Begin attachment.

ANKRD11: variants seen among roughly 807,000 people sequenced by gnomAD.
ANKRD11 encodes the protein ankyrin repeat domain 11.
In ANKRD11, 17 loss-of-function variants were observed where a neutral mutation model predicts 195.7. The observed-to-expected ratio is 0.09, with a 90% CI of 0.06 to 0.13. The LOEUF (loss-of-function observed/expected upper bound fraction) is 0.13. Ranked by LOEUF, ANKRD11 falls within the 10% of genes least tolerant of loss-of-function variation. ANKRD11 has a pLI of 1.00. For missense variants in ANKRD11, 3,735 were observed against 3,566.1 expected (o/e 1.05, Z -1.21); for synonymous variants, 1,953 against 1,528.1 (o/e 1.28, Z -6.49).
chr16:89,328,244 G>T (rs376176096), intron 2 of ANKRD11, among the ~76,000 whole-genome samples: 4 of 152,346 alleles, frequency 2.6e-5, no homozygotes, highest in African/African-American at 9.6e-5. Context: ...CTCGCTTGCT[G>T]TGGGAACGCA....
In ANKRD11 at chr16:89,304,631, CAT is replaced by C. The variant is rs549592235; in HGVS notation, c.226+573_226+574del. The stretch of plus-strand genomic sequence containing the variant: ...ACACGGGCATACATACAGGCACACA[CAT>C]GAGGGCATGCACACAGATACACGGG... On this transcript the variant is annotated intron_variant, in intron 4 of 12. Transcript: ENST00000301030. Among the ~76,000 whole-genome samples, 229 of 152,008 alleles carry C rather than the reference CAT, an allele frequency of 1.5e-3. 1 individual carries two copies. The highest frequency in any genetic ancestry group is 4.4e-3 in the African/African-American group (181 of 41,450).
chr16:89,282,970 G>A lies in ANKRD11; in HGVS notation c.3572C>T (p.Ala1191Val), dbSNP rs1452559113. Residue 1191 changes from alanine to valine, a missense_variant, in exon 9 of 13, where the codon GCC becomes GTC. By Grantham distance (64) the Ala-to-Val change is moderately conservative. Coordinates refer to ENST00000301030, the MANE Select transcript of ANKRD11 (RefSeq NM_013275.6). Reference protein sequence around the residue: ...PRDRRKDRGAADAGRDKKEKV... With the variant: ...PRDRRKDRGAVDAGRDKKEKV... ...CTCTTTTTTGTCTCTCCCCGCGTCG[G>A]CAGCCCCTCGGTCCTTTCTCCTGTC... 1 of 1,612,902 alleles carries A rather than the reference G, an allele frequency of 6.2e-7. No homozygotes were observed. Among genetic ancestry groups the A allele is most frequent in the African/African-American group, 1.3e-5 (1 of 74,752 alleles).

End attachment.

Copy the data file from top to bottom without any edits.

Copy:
ANKRD11: variants seen among roughly 807,000 people sequenced by gnomAD.
ANKRD11 encodes the protein ankyrin repeat domain 11.
In ANKRD11, 17 loss-of-function variants were observed where a neutral mutation model predicts 195.7. The observed-to-expected ratio is 0.09, with a 90% CI of 0.06 to 0.13. The LOEUF (loss-of-function observed/expected upper bound fraction) is 0.13. Ranked by LOEUF, ANKRD11 falls within the 10% of genes least tolerant of loss-of-function variation. ANKRD11 has a pLI of 1.00. For missense variants in ANKRD11, 3,735 were observed against 3,566.1 expected (o/e 1.05, Z -1.21); for synonymous variants, 1,953 against 1,528.1 (o/e 1.28, Z -6.49).
chr16:89,328,244 G>T (rs376176096), intron 2 of ANKRD11, among the ~76,000 whole-genome samples: 4 of 152,346 alleles, frequency 2.6e-5, no homozygotes, highest in African/African-American at 9.6e-5. Context: ...CTCGCTTGCT[G>T]TGGGAACGCA....
In ANKRD11 at chr16:89,304,631, CAT is replaced by C. The variant is rs549592235; in HGVS notation, c.226+573_226+574del. The stretch of plus-strand genomic sequence containing the variant: ...ACACGGGCATACATACAGGCACACA[CAT>C]GAGGGCATGCACACAGATACACGGG... On this transcript the variant is annotated intron_variant, in intron 4 of 12. Transcript: ENST00000301030. Among the ~76,000 whole-genome samples, 229 of 152,008 alleles carry C rather than the reference CAT, an allele frequency of 1.5e-3. 1 individual carries two copies. The highest frequency in any genetic ancestry group is 4.4e-3 in the African/African-American group (181 of 41,450).
chr16:89,282,970 G>A lies in ANKRD11; in HGVS notation c.3572C>T (p.Ala1191Val), dbSNP rs1452559113. Residue 1191 changes from alanine to valine, a missense_variant, in exon 9 of 13, where the codon GCC becomes GTC. By Grantham distance (64) the Ala-to-Val change is moderately conservative. Coordinates refer to ENST00000301030, the MANE Select transcript of ANKRD11 (RefSeq NM_013275.6). Reference protein sequence around the residue: ...PRDRRKDRGAADAGRDKKEKV... With the variant: ...PRDRRKDRGAVDAGRDKKEKV... ...CTCTTTTTTGTCTCTCCCCGCGTCG[G>A]CAGCCCCTCGGTCCTTTCTCCTGTC... 1 of 1,612,902 alleles carries A rather than the reference G, an allele frequency of 6.2e-7. No homozygotes were observed. Among genetic ancestry groups the A allele is most frequent in the African/African-American group, 1.3e-5 (1 of 74,752 alleles).